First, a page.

substantial compliance within two-years of the final decision to place it on probation.
3)
Withdraw accreditation if significant progress, in programmes on probation, has not been
made in correcting deficiencies after a reasonable time.
4)
For new medical or other health professions schools, award initial provisional
accreditation. Initial provisional accreditation is reconsidered each year until the year that
the first class is to graduate, when the programme is evaluated for full accreditation.
5)
Deny accreditation to new schools that do not meet the standards.
OPPORTUNITIES FOR STUDENT INPUT TO THE ACCREDITATION PROCESS
Students should participate in the institutional self-study during the year before the school's site
visit. In addition, students will carry out an independent student analysis and prepare a summary
document that will be reviewed by the survey team. Finally, students participate in meetings with
the survey team during the site visit itself.
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THE STEPS IN THE ACCREDITATION PROCESS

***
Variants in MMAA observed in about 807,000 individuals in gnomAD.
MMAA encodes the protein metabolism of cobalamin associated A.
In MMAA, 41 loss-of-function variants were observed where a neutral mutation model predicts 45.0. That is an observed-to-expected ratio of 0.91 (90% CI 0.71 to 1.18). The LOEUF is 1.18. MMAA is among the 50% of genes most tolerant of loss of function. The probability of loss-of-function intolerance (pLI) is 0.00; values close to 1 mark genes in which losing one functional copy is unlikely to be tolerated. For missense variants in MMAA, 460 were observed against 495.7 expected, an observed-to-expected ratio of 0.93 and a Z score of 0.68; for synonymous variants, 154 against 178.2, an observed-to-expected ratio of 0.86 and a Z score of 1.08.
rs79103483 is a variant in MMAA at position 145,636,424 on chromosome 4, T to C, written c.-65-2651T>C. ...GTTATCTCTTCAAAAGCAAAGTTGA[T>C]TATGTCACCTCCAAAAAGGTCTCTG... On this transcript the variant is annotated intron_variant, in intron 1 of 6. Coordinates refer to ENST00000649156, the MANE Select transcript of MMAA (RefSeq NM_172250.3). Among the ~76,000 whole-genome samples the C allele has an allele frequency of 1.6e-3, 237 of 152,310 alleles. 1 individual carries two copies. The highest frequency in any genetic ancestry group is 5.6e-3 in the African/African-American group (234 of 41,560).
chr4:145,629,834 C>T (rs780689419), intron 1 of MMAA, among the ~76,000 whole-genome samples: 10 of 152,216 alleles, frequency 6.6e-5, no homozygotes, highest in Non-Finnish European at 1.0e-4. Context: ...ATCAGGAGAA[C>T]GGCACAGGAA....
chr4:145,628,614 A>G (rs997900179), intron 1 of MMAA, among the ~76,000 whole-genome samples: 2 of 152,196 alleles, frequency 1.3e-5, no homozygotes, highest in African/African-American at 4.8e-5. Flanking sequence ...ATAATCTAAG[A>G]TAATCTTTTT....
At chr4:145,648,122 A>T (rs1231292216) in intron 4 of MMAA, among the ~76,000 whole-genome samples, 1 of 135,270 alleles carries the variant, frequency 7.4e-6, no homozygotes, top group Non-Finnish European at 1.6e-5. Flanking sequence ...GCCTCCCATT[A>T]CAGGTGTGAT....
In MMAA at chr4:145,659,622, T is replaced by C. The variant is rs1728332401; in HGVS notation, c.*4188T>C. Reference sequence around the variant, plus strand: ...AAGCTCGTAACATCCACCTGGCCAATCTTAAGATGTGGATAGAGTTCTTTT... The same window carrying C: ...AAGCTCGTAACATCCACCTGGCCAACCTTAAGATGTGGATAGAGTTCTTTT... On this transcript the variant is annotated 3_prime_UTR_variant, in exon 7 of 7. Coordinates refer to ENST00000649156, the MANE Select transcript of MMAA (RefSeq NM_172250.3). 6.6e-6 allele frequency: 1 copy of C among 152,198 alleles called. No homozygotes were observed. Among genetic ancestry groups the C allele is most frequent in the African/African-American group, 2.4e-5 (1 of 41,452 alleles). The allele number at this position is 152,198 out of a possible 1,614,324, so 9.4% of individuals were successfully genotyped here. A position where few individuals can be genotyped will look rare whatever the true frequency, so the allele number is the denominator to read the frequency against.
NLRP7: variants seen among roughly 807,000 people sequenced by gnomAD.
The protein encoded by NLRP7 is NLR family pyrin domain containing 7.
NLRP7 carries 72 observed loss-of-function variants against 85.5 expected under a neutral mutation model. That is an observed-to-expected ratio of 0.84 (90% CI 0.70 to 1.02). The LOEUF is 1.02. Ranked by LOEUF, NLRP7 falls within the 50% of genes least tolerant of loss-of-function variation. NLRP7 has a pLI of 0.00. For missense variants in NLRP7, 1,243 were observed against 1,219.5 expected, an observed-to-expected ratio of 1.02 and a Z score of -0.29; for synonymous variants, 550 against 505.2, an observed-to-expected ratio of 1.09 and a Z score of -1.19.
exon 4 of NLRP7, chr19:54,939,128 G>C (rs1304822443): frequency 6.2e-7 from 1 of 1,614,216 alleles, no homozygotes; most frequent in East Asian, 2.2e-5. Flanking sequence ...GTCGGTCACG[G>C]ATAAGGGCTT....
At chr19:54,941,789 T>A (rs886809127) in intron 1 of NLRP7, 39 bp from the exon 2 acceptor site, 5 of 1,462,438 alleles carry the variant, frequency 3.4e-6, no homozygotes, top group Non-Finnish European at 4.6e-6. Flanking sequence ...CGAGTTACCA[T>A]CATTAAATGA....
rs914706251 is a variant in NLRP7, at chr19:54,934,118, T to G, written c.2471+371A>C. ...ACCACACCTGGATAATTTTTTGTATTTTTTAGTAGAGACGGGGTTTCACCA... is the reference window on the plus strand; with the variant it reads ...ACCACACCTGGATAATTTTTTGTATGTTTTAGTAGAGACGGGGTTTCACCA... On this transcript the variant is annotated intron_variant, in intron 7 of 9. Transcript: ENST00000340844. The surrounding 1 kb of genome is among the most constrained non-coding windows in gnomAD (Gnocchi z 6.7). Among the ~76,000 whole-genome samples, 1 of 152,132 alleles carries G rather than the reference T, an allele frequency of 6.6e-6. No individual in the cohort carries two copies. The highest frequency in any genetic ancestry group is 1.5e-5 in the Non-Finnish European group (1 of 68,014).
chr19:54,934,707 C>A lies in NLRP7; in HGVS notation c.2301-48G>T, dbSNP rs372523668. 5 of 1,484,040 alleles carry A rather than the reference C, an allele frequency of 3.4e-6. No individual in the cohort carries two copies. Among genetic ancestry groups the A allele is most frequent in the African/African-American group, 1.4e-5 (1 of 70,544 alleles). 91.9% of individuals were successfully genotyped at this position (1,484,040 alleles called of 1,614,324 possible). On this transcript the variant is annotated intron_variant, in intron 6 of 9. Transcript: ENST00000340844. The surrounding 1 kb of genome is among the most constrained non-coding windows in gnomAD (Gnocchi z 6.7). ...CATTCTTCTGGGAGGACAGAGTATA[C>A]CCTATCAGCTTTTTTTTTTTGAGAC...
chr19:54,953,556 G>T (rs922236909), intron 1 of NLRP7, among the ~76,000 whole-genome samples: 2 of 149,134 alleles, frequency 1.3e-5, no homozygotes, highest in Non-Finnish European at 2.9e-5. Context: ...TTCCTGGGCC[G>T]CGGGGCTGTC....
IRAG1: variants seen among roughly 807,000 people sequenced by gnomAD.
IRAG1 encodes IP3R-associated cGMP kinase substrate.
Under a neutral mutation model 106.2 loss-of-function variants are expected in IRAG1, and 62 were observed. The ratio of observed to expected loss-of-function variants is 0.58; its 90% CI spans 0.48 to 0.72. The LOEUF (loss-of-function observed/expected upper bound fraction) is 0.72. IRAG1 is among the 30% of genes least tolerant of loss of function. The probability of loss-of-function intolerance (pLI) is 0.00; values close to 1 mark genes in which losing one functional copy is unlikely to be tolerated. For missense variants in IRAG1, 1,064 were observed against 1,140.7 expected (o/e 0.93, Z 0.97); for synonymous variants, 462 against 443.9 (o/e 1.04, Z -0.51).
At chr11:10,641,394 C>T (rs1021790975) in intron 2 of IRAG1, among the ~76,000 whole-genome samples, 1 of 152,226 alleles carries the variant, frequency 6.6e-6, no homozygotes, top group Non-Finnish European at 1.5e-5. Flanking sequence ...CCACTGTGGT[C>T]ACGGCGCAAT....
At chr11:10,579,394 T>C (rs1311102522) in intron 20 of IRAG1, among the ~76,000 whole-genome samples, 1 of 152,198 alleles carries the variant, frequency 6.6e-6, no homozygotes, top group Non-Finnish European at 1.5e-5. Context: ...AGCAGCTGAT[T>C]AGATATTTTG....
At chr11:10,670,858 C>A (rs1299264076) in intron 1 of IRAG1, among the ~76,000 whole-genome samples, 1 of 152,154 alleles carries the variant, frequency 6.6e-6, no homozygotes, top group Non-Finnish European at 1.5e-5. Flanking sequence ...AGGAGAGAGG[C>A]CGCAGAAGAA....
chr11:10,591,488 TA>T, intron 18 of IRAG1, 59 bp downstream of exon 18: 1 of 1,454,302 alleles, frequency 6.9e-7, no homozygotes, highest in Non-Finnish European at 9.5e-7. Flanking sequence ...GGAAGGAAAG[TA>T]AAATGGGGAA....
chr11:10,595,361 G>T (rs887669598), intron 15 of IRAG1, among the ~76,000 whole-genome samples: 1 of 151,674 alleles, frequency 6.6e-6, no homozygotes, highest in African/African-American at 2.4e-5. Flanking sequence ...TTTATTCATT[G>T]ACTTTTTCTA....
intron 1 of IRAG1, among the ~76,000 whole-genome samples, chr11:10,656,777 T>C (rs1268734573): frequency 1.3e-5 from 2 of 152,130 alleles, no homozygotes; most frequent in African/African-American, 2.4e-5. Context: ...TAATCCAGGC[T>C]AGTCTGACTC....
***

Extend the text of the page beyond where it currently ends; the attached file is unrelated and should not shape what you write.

Timetable. A likely timetable of activities associated with the CAAM-HP survey visit is shown
in Appendix A.
The education database. The database catalogues information from schools that will help
determine whether accreditation standards are being met. The database is divided into sections
that correspond to the chapters in the documents on Standards for the Accreditation of Medical,
and other individual health professions programmes: Institutional Setting, The Students,
Educational Programmes, Faculty, Educational Resources and Internships and Continuing
Professional Education where applicable. The database is completed by administrators and